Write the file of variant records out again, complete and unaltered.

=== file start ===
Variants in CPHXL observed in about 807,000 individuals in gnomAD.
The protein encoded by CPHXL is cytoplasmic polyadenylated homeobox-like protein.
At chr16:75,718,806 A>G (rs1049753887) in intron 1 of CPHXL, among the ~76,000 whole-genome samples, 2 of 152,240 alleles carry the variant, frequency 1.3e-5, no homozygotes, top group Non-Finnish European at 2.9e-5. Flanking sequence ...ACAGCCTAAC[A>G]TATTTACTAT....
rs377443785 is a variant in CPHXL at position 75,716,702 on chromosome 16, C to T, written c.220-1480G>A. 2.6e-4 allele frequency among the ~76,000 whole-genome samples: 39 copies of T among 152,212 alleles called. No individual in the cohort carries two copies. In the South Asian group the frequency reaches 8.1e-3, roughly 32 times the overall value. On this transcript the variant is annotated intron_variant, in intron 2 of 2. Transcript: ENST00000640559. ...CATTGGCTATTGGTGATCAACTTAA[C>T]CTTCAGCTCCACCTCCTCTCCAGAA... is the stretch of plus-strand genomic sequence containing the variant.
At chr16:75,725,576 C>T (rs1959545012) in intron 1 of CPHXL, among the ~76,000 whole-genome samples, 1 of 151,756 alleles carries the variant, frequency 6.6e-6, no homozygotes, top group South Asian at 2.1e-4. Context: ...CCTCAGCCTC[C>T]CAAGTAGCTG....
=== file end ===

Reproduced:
Variants in CPHXL observed in about 807,000 individuals in gnomAD.
The protein encoded by CPHXL is cytoplasmic polyadenylated homeobox-like protein.
At chr16:75,718,806 A>G (rs1049753887) in intron 1 of CPHXL, among the ~76,000 whole-genome samples, 2 of 152,240 alleles carry the variant, frequency 1.3e-5, no homozygotes, top group Non-Finnish European at 2.9e-5. Flanking sequence ...ACAGCCTAAC[A>G]TATTTACTAT....
rs377443785 is a variant in CPHXL at position 75,716,702 on chromosome 16, C to T, written c.220-1480G>A. 2.6e-4 allele frequency among the ~76,000 whole-genome samples: 39 copies of T among 152,212 alleles called. No individual in the cohort carries two copies. In the South Asian group the frequency reaches 8.1e-3, roughly 32 times the overall value. On this transcript the variant is annotated intron_variant, in intron 2 of 2. Transcript: ENST00000640559. ...CATTGGCTATTGGTGATCAACTTAA[C>T]CTTCAGCTCCACCTCCTCTCCAGAA... is the stretch of plus-strand genomic sequence containing the variant.
At chr16:75,725,576 C>T (rs1959545012) in intron 1 of CPHXL, among the ~76,000 whole-genome samples, 1 of 151,756 alleles carries the variant, frequency 6.6e-6, no homozygotes, top group South Asian at 2.1e-4. Context: ...CCTCAGCCTC[C>T]CAAGTAGCTG....